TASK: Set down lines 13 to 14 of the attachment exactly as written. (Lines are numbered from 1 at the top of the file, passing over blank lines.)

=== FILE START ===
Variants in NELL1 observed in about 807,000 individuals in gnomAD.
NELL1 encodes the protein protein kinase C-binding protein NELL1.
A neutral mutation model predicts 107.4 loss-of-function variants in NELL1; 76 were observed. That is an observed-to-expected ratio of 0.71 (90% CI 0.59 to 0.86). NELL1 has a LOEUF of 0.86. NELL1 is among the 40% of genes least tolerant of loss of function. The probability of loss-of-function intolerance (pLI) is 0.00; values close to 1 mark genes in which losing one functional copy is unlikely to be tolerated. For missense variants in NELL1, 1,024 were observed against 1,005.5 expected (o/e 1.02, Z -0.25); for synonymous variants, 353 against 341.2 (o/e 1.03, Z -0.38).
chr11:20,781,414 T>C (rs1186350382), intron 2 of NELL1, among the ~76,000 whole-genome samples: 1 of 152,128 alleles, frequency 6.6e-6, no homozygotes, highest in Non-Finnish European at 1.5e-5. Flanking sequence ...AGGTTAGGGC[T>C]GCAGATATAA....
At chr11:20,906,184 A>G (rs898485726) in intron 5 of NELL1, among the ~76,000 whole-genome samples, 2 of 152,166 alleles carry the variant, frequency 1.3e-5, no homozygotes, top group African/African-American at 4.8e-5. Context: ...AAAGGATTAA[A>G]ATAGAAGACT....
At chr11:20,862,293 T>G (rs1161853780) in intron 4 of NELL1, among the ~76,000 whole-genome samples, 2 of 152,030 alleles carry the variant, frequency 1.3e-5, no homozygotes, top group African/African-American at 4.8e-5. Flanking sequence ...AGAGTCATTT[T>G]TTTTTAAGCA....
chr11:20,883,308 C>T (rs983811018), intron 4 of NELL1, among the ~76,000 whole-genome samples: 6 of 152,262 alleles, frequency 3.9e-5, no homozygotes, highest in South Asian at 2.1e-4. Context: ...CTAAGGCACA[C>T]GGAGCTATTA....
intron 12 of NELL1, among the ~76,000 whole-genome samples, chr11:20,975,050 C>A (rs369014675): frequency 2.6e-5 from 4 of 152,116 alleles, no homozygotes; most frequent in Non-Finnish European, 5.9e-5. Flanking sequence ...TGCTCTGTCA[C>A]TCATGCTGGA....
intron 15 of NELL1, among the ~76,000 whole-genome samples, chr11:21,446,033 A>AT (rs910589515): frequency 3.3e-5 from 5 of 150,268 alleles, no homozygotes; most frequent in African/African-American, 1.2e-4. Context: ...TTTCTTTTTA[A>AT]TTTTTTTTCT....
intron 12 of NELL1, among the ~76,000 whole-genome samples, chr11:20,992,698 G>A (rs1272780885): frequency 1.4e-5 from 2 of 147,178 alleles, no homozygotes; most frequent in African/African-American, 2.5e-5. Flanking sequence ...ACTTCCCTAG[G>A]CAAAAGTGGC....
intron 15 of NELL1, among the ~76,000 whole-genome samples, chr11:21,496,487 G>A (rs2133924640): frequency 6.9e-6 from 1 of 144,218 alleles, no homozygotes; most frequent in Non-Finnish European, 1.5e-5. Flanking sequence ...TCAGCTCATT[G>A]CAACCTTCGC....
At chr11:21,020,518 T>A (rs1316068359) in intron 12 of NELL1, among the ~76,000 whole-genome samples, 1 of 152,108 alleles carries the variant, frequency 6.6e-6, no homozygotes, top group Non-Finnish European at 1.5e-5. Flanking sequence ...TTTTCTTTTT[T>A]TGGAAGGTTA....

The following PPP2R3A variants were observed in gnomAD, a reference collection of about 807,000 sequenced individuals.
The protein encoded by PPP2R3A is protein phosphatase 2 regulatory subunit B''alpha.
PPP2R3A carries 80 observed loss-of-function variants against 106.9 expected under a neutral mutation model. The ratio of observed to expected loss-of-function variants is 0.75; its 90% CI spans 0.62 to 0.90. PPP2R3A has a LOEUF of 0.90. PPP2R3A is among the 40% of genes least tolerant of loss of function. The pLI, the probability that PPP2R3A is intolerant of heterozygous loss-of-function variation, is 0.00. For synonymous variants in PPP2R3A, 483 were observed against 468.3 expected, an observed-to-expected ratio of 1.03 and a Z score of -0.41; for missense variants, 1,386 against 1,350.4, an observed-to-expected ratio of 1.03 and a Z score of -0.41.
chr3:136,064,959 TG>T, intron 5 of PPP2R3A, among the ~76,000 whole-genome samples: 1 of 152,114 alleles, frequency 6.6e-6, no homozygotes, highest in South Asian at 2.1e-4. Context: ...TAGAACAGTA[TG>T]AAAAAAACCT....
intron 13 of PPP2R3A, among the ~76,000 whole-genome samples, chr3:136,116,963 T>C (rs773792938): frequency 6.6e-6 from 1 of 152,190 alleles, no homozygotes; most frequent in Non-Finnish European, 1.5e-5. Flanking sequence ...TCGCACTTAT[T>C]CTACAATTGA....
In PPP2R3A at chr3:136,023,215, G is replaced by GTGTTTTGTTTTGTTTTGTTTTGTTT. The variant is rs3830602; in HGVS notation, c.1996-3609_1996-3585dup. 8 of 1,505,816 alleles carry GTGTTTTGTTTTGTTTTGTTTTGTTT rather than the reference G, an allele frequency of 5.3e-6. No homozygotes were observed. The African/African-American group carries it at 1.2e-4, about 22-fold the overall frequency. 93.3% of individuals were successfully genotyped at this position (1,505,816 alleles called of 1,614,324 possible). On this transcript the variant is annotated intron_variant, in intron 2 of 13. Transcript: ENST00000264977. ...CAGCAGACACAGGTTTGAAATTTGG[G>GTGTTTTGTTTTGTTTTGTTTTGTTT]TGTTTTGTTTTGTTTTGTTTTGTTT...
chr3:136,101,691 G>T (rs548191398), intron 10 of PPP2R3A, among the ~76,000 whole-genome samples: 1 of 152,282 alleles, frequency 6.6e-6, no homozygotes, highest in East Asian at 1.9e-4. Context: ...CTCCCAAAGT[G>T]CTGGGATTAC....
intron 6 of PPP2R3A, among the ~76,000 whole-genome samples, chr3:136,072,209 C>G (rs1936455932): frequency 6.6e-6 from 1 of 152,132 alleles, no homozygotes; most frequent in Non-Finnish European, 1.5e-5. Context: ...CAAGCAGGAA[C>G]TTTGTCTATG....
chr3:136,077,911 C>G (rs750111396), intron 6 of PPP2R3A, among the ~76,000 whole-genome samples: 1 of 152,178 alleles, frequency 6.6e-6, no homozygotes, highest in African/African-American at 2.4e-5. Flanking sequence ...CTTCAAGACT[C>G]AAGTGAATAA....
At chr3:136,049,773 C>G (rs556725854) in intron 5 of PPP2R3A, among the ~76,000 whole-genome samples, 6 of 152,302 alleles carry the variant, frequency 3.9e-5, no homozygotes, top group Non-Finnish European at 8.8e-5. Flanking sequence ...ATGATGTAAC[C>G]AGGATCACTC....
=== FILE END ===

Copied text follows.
The following PPP2R3A variants were observed in gnomAD, a reference collection of about 807,000 sequenced individuals.
The protein encoded by PPP2R3A is protein phosphatase 2 regulatory subunit B''alpha.